Nerdy Cat Scuba Travels

A Cat Lovin' Engineer taking a career break by traveling, doing a divemaster internship, and diving around the world

Month: January 2017

Diving in Myanmar with Smiling Seahorse

At peace. That’s how I feel when I am underwater. Fishes swimming. Plants swaying to the swell of the ocean. Weightless. With only my air bubbles to tell me which way is up.

Outside of the water, I’m awkward. I don’t know what I want in life. I forgot something. Where am I going? Its too much to think about.  Diving is much easier.

My parents phoned me with hesitations in their voice. I imagine they think I’m venturing into Somalian pirated waters or something. Danger lurking over each wave. Is it safe? Where will you be? Is there cell service?

Yes, its safe. In the middle of nowhere. No connections to civilization whatsoever. No need to worry.

The Dive Group for Trip 3 – Hosted by the Smiling Seahorse

The Smiling Seahorse

MV Thai Sea – my home for the next 5 days. The owner, Frank, works as the dive instructor on the boat, and his wife does the business side. It’s a nice and small independent diving operation. The boat has room for 12 guests, with a ratio of 4 divers to one divemaster/instructor.

At first, I have my hesitations. I get on the boat and its French. Like Tres Tres Tres French. All the other divers minus one other diver- Choy, are French. Queue La Vie en Rose please.

Le Bienvenue speech. The Suisse dive instructor (Julien) translates. I’m somewhat irritated. My spoiled Americanness kicks in.  Why can’t everyone just speak English. Then I think about Trump and realize I’m being stupid. Relax.

The first night I’m a little cranky and shy, so I take some seasickness pills and go to sleep.

The next morning I wake up to the sound of “630! Dive briefing!”

I put on my swim suit and a shirt dress and head to the back of the boat. We form our groups and prepare for diving. Each day will follow this schedule -Dive. Eat Breakfast. Sleep. Dive. Eat Lunch. Sleep. Dive. Eat a snack. Relax. Dive. Eat Dinner. Drink.

The Dive Group: Me, Luc, Julien, Choy

A day later, I start warming up to my new French family. We exchange stories about all our travels and drink Richard, the drink of the Bordeaux French men. It’s Licorice tasting madness.  The 4 divers in their mid 50’s traveling sans wives brought a huge bottle of Richard for all to drink. The perfect recipe for laughter and fun. After some shots of Rum, a dance party with flashing lights forms on the top deck.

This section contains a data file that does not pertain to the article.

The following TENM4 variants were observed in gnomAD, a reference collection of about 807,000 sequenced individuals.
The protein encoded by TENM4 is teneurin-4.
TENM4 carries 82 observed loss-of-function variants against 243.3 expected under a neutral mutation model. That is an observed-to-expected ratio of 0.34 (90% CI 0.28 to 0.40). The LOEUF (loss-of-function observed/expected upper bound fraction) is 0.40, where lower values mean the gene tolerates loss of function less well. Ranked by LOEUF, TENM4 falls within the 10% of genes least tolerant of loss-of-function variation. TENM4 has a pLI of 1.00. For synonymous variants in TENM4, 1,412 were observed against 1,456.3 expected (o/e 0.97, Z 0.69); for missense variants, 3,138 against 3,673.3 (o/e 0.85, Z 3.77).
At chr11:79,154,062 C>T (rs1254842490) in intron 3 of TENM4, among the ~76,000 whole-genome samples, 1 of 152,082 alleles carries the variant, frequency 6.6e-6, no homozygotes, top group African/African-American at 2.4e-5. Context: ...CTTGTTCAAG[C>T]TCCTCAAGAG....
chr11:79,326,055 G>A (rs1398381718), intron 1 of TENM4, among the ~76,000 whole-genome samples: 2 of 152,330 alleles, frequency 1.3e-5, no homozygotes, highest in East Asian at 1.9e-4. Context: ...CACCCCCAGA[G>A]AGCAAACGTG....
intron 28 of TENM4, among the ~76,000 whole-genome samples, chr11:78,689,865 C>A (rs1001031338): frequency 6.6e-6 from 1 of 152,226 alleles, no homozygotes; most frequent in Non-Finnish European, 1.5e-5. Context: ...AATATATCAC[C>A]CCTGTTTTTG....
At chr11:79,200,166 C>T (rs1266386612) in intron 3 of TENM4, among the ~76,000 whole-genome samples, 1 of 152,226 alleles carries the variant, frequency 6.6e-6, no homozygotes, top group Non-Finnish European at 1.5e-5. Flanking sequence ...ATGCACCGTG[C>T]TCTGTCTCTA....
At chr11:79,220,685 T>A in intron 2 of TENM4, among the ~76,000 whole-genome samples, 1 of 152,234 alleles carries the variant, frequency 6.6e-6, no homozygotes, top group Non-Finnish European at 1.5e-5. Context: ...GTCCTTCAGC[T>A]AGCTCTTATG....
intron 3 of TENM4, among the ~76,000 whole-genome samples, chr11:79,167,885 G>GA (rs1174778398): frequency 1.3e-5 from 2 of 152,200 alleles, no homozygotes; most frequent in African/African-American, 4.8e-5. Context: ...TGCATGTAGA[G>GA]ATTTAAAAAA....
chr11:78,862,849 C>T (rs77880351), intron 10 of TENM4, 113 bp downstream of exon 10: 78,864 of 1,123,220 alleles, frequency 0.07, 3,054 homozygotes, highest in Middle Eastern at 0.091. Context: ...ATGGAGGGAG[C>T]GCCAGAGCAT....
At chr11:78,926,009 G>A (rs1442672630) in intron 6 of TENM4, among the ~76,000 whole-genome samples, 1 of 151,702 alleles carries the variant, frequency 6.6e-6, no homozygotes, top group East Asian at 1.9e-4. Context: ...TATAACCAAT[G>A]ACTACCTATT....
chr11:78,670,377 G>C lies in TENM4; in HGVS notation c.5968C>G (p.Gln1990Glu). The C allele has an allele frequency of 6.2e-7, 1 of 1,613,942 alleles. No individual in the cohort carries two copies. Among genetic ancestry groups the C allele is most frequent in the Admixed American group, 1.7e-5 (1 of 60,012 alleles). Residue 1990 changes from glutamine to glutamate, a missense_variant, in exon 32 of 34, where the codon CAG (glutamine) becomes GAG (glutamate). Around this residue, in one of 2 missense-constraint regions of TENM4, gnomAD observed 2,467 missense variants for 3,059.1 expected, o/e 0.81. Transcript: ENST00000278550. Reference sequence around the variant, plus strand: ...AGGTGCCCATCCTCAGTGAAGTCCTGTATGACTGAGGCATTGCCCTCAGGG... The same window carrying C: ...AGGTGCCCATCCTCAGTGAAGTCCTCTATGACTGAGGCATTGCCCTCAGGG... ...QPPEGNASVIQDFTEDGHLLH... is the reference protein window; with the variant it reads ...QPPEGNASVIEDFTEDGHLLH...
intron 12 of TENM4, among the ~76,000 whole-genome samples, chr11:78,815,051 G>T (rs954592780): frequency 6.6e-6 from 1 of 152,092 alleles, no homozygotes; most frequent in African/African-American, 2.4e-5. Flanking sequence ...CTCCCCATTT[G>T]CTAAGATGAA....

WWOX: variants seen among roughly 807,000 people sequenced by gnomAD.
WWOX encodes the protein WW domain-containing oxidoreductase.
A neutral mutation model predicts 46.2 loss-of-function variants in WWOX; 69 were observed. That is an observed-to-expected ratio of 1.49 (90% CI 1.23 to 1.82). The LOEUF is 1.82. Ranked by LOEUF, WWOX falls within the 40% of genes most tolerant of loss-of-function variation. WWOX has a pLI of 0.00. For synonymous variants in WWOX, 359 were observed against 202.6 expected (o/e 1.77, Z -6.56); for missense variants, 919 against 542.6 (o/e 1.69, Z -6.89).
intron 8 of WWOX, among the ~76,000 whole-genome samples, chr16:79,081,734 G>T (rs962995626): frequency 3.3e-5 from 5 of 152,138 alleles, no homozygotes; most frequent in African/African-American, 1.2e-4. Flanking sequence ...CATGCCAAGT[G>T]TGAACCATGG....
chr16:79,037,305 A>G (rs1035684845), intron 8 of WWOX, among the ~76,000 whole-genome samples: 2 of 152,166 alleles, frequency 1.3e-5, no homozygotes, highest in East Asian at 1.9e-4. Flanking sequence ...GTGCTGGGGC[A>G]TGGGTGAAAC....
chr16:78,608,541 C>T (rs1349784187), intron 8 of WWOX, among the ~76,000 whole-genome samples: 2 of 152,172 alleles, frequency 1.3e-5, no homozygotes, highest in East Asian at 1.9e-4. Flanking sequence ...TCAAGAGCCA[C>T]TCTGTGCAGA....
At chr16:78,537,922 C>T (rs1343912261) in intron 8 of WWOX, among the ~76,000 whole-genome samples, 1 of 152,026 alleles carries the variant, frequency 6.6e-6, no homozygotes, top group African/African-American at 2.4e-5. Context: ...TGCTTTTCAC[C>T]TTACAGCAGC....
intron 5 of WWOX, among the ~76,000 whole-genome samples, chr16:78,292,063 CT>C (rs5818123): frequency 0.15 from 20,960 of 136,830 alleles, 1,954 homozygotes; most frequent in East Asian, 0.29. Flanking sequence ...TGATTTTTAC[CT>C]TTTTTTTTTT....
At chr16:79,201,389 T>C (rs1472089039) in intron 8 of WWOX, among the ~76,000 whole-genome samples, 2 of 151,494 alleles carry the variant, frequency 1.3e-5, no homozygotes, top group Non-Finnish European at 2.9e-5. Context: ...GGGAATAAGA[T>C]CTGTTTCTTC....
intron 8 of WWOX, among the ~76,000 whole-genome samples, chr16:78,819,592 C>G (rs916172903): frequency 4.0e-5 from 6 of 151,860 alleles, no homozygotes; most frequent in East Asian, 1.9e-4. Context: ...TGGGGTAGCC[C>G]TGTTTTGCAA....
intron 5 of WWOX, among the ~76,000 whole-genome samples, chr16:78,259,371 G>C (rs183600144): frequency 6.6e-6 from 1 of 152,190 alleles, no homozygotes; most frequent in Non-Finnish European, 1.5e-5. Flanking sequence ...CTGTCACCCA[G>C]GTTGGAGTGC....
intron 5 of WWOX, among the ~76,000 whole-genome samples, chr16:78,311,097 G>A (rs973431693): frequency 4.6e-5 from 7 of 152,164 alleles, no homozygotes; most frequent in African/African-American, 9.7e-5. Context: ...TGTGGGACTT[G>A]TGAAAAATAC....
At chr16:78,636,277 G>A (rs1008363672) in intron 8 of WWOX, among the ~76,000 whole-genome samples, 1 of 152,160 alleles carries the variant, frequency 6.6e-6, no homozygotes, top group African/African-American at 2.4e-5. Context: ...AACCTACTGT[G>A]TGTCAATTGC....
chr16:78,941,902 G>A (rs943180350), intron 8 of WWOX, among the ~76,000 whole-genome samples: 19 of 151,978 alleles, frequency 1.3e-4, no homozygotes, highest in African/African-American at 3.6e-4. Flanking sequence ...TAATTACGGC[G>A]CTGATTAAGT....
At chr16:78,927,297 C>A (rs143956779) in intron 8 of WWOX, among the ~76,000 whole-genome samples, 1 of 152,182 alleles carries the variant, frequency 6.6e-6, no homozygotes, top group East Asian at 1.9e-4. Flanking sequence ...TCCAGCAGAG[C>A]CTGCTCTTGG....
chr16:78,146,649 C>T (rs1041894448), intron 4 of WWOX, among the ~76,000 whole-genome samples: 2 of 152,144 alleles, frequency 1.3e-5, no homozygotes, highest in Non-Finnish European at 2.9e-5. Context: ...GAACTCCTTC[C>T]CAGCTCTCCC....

By the third day, all my stupid American prejudice about the French boat are gone. We exchange stories of the fish we see underwater while eating all the delicious treats the Thai team cooks for us. One day banana fritters and ice cream. Next Day, crepes with fruit.

Night falls and we jump in for another night dive. I float around flashing my light at fishes. A lonely barracuda passes by. I name him Mr.B. Mr.B is rather curious and swims towards me. Maybe a little too close. At first it feels fun, but now its makes me uneasy.   Circling me, I can feel his irritation.

My heart rate is up. I’m afraid to shine my light into the darkness. I’m unsure if I want to see Mr.B staring back at me. I swim over to my guide and hope that Mr.B disappears.

Moments later, Choy swims up next to me and Julian. He’s rubbing his shoulder. Forming a fist into a palm, Choy signals to me that a barracuda shoulder checked him. Or at least that’s what I interpret. It must be Mr.B. Like 2 young kids afraid to cross the street, we stay close to Julien and look both ways before swimming ahead.

Not seeing Mr.B anywhere, I start doing my own thing again. Rock here. Fish there. Mr.B. … WHAT? I quickly flash my light somewhere else. Swimming away,  scared.

A minute passes. I see a distant light shaking frantically. I swim over and Choy signals to me that he sees Mr.B again. We stay close together and search the seas. No sign of an imminent attack.